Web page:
Have you ever stopped to look at a sunflower? I mean really look at it? Recently, my sunflowers lifted their heads and showed their glorious yellow faces to the sky. There’s not much in that garden bed yet, so they’re especially precious. Today I took a few minutes to hang out with them and it was magical. These sunflowers are taller than I am and their heads are about ten inches across. The yellow of their petals is so bright and cheerful, you can’t hep but feel better just looking at them.
It’s long been said that sunflowers follow the sun. I don’t know if it’s true, but they definitely move during the day. I love the way they lift their faces sunwards, as though greeting a friend. But what fascinates me most is the way they’re made. As a bud, they’re green and tightly-closed with elegant spires that put me in mind of an elven crown. The open flower is such a contrast with its geometric swirls and tight canary-yellow flower buds that open into such long, airy petals.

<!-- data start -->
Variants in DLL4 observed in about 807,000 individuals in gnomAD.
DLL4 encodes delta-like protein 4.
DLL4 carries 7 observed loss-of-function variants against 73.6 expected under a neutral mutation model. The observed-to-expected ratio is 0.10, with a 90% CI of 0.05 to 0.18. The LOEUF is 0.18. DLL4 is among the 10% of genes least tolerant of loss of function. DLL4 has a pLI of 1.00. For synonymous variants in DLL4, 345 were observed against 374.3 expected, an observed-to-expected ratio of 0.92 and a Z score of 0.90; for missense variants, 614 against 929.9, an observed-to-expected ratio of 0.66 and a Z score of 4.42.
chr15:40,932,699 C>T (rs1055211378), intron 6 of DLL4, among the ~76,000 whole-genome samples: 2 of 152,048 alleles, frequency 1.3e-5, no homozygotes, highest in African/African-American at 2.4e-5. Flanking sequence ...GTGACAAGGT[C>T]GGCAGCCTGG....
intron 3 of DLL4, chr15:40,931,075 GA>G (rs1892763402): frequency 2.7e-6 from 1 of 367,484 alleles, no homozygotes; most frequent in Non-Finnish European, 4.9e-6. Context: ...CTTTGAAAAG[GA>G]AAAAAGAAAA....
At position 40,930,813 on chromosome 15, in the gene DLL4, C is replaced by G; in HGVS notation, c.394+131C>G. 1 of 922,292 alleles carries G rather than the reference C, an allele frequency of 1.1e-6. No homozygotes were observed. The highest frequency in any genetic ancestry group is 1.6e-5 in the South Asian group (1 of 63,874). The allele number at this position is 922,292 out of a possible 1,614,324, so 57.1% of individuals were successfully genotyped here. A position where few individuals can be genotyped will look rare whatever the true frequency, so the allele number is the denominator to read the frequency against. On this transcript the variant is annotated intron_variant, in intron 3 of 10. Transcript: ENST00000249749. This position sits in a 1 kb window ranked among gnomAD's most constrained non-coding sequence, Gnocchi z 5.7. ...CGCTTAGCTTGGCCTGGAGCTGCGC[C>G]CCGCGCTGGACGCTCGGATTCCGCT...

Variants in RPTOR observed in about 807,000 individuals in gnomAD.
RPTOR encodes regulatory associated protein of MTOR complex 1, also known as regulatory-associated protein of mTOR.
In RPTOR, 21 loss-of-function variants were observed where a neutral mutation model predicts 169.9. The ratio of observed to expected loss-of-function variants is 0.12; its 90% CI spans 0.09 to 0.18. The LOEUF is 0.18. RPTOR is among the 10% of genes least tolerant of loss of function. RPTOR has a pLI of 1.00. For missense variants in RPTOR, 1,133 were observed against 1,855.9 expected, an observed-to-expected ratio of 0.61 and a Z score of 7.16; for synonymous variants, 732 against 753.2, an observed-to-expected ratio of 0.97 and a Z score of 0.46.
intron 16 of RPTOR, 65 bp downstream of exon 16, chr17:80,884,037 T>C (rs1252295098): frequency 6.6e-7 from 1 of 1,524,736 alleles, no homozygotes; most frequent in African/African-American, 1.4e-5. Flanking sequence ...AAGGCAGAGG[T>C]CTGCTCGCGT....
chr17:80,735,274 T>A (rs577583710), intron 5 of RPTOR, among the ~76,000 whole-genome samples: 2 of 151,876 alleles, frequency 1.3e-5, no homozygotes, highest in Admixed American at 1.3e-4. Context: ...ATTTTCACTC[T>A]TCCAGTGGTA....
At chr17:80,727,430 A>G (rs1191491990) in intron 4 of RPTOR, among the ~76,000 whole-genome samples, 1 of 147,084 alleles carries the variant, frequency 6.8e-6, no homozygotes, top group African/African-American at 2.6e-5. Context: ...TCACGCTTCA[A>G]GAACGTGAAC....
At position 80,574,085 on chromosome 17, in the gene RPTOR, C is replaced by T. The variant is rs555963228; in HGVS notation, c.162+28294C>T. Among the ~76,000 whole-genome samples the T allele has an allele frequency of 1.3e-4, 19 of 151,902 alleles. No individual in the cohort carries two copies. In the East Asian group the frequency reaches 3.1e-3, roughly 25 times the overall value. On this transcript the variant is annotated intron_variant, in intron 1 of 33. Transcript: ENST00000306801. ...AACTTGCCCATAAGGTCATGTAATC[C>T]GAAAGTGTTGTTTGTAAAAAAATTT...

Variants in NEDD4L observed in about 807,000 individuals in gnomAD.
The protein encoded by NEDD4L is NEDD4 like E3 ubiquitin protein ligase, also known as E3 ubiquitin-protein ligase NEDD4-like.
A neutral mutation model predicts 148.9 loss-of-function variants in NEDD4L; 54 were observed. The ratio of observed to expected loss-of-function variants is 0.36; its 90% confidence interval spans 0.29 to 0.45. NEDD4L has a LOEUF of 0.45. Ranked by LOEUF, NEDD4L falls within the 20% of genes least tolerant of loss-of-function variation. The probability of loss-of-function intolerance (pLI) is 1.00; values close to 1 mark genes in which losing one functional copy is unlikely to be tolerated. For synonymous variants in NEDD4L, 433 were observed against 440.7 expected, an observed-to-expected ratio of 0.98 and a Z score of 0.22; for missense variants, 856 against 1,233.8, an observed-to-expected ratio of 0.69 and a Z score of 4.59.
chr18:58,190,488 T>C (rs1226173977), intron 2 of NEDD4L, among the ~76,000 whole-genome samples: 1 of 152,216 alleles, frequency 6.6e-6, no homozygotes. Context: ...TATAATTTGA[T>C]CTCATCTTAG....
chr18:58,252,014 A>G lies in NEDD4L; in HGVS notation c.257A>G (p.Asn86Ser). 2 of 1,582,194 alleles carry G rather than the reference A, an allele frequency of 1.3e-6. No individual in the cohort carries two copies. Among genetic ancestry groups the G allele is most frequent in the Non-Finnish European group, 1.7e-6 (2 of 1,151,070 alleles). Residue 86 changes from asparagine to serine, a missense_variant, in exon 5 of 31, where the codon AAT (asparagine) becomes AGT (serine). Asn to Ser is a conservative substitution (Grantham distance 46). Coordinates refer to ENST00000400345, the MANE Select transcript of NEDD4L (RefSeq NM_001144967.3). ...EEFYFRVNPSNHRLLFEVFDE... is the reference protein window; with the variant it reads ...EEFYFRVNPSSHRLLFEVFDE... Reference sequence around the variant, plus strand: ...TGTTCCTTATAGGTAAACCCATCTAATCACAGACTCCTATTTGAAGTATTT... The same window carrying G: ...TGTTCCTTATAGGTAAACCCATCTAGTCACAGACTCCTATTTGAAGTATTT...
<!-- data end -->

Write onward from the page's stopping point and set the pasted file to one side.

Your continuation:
The sunflower is one of nature’s artful creations. Reading about them, you quickly discover that, like pineapples, artichokes and pine cones, they are geometric miracles. I’d heard of the Fibonacci sequence but I hadn’t realised it applied to sunflowers. Turns out that the number of curves and spirals in the centre of the flower are all Fibonacci numbers. No matter which way you count them, Nature’s maths is impeccable. And the magic doesn’t end there, because even when the petals have dropped and all the glorious colour has gone, I am left with a palette of elegant black-and-white seeds that are good enough to eat.